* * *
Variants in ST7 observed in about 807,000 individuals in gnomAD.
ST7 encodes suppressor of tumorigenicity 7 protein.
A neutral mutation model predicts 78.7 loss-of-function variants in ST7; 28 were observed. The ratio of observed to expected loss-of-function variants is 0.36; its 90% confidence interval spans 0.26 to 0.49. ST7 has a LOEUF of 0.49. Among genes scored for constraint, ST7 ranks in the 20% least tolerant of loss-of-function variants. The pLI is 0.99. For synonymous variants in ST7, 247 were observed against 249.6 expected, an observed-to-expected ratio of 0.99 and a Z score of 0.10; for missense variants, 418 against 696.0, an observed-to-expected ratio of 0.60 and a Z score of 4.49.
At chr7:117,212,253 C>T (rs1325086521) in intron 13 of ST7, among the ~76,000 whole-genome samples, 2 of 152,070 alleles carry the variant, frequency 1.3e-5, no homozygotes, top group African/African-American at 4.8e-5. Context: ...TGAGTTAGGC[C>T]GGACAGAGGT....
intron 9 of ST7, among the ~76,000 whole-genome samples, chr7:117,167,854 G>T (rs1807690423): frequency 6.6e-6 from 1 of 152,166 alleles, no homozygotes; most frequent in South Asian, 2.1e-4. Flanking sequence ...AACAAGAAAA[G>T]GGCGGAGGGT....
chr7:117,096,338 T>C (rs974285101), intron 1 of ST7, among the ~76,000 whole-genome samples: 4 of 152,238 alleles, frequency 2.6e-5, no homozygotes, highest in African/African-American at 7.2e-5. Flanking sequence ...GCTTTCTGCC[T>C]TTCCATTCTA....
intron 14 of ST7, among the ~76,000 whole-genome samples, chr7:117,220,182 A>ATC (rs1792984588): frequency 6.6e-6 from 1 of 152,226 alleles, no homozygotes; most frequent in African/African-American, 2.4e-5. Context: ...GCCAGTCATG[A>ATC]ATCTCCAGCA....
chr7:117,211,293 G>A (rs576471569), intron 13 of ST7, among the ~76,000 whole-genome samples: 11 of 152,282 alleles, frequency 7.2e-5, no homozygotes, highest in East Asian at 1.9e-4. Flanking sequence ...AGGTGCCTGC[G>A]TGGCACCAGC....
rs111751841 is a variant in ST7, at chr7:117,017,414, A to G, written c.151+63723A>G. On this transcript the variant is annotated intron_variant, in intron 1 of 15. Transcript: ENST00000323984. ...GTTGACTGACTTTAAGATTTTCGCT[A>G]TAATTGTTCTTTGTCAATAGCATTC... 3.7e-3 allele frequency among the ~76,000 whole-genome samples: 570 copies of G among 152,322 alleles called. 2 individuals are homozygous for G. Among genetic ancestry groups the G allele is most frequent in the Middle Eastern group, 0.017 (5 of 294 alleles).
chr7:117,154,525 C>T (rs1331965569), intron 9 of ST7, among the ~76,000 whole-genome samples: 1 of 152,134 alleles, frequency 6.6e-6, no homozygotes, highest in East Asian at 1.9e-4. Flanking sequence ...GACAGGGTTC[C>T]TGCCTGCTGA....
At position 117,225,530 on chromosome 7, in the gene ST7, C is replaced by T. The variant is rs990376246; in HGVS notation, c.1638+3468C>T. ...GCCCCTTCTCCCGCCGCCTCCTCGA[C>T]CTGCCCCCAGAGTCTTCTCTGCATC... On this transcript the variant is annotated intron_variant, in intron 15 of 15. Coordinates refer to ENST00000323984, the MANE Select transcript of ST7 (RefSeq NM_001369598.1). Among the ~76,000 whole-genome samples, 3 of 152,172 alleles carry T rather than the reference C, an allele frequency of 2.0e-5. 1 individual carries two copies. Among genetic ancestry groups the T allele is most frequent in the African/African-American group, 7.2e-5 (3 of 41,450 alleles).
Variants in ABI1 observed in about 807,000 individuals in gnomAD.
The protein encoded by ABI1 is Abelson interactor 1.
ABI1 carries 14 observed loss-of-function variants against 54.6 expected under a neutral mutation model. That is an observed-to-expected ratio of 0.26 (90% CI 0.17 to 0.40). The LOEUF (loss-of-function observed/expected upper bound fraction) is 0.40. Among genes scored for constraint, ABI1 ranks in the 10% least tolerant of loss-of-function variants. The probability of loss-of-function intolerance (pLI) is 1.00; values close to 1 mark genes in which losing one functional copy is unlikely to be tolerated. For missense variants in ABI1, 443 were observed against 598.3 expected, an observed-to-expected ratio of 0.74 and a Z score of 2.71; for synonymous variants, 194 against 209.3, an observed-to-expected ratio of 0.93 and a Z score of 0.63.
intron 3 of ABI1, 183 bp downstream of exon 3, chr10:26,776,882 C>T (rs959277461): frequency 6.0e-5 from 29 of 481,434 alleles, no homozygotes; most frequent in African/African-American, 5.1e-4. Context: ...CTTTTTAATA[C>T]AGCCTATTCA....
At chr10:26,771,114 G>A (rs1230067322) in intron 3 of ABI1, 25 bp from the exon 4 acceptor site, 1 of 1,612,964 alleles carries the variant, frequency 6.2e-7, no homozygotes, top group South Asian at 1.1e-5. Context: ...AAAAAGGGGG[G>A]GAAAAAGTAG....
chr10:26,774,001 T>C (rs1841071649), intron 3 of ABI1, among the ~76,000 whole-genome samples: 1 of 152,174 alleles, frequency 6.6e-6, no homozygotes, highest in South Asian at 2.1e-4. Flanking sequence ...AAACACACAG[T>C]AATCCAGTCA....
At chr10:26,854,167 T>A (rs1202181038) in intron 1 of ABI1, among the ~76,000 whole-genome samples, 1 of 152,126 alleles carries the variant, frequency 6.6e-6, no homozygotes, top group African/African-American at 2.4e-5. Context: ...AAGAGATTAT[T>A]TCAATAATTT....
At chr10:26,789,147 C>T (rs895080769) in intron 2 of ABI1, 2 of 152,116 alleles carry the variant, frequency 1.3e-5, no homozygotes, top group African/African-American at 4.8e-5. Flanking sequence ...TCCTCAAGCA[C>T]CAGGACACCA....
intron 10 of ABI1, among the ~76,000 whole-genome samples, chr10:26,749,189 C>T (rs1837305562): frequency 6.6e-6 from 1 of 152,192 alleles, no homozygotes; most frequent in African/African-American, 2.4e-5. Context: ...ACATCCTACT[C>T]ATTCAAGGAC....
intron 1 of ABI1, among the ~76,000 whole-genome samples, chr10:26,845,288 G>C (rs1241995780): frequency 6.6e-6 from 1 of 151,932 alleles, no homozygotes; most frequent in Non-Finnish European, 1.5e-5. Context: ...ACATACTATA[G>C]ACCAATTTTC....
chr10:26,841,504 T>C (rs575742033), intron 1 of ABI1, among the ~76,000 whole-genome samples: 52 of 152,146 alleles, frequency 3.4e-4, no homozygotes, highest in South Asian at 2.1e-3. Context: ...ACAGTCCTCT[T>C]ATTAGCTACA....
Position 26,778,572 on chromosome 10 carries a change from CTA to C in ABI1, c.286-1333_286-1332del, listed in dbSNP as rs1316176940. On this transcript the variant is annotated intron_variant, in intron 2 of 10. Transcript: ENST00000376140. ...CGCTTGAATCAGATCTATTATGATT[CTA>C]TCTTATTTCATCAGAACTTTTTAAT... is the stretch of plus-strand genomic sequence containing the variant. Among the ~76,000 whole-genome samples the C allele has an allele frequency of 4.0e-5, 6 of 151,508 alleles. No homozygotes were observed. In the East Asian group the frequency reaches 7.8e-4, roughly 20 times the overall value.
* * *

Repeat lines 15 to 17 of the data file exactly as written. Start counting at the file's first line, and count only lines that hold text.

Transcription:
intron 3 of ABI1, 183 bp downstream of exon 3, chr10:26,776,882 C>T (rs959277461): frequency 6.0e-5 from 29 of 481,434 alleles, no homozygotes; most frequent in African/African-American, 5.1e-4. Context: ...CTTTTTAATA[C>T]AGCCTATTCA....
At chr10:26,771,114 G>A (rs1230067322) in intron 3 of ABI1, 25 bp from the exon 4 acceptor site, 1 of 1,612,964 alleles carries the variant, frequency 6.2e-7, no homozygotes, top group South Asian at 1.1e-5. Context: ...AAAAAGGGGG[G>A]GAAAAAGTAG....
chr10:26,774,001 T>C (rs1841071649), intron 3 of ABI1, among the ~76,000 whole-genome samples: 1 of 152,174 alleles, frequency 6.6e-6, no homozygotes, highest in South Asian at 2.1e-4. Flanking sequence ...AAACACACAG[T>C]AATCCAGTCA....